As will be seen below, a surfeit of attacks against the H.323 protocols can be envisioned. The only existing vulnerabilities that we are aware of at this time take advantage of ASN.1 parsing defects in the first phase of H.225 data exchange. More vulnerabilities can be expected for several reasons: the large number of differing vendor implementations, the complex nature of this collection of protocols, problems with the various implementations of ASN.1/PER encoding/decoding, and the fact that these protocols, alone and in concert, have not endured the same level of scrutiny that other, more common protocols have been subjected to.
H.323 Signaling protocols
H.323 allows dissimilar communication devices to communicate with each other by using a standardized communication protocol. H.323 defines a common set of call setup and negotiating procedures and basic data-transport methods - the most common in VoIP applications being H.225.0, H.235, H.245, H.248, and the Q.900 signaling series. In addition, for VoIP communications H.323 specifies a group of audio codecs - the G.700 series. The following is an overview of these major protocols.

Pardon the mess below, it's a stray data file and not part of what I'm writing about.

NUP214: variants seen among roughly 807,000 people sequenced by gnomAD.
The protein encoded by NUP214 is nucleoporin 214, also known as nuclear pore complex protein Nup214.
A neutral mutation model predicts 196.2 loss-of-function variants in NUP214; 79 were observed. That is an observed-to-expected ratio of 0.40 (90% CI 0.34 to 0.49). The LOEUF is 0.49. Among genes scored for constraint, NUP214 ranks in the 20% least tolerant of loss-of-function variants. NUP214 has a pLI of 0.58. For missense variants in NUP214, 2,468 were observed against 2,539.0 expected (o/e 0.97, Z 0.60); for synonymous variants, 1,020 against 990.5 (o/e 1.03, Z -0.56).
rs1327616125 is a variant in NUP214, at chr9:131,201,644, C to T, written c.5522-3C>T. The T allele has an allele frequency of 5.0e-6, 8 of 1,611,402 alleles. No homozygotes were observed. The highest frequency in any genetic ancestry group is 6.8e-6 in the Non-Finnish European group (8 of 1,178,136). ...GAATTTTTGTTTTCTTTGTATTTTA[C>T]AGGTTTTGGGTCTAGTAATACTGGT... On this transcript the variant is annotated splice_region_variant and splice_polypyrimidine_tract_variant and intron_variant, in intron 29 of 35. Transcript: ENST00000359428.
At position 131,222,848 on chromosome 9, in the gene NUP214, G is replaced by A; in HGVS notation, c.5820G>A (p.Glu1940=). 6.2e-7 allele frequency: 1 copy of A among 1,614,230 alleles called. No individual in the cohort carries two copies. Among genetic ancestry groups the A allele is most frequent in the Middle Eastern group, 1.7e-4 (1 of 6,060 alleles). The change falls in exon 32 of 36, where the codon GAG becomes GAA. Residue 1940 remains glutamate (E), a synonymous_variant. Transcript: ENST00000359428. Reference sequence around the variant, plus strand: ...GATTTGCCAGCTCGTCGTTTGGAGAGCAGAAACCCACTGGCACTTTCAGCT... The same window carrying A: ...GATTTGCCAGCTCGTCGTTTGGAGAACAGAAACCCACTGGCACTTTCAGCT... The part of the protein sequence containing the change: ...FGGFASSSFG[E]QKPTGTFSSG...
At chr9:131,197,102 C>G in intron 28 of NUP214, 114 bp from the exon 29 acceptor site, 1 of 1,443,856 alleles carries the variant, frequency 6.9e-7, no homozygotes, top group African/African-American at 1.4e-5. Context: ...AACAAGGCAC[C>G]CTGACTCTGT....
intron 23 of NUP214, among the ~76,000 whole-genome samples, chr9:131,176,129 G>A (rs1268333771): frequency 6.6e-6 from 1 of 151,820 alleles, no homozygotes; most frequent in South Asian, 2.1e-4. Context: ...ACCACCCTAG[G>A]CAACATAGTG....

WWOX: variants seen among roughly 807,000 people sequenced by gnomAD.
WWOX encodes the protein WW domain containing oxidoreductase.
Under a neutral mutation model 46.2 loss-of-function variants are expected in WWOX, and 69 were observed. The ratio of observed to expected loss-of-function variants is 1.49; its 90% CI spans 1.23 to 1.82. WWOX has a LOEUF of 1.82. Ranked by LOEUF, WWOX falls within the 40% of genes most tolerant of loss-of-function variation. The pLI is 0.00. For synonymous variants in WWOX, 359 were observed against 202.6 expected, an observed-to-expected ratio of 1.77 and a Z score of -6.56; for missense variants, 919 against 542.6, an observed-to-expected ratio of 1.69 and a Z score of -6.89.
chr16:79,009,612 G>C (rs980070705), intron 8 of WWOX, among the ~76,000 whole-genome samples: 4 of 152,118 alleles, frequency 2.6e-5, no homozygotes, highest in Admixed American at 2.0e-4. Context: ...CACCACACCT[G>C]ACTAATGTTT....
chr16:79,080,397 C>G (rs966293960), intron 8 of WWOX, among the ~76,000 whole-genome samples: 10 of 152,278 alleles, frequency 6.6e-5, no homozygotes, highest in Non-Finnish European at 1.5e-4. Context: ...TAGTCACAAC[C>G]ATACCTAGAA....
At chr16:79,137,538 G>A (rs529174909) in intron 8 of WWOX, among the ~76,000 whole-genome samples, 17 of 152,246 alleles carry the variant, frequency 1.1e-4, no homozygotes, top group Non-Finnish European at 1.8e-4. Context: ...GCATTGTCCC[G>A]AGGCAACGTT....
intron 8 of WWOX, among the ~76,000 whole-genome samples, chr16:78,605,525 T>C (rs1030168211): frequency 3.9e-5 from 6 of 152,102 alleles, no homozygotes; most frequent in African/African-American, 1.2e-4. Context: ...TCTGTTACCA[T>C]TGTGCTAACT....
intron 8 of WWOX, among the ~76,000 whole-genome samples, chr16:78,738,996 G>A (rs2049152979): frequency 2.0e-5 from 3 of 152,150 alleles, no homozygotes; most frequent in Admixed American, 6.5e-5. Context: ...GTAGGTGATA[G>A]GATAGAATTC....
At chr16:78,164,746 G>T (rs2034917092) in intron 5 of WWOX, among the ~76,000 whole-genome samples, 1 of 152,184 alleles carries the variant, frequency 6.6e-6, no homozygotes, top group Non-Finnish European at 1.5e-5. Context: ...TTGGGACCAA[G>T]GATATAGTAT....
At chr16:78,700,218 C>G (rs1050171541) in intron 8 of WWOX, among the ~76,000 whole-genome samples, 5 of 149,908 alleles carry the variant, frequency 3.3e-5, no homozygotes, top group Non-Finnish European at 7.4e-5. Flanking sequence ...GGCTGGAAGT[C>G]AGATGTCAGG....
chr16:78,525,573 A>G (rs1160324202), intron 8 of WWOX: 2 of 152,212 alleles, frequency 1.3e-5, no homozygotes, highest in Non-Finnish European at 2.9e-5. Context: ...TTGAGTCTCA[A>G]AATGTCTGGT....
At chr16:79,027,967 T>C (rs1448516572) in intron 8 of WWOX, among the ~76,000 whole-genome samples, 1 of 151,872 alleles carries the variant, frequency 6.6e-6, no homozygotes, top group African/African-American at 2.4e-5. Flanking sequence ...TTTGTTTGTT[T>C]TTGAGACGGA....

ASN.1 (Abstract Syntax Notation One) is commonly misunderstood. It is not a programming language, but it is a flexible notation that allows one to define a variety of data types. ASN.1 encoding rules are sets of rules used to transform data specified in the ASN.1 language into a standard format that can be decoded on any system that has a decoder based on the same set of rules. The H.323 protocol family is compiled into a wire-line protocol using PER (Packed Encoding Rules). PER is a compact binary encoding that is used on limited-bandwidth networks. It is designed to optimize the use of bandwidth, but the tradeoff is complexity: decoding PER PDUs (protocol data units) has lead to problems due to a number of factors including issues with octet alignment, integer precision, and unconstrained character strings.
H.323 Messaging sequence
H.323 signaling exchanges typically are routed via the gatekeeper or directly between the participants as chosen by the gatekeeper. Media exchanges are normally directly routed between the participants of a call.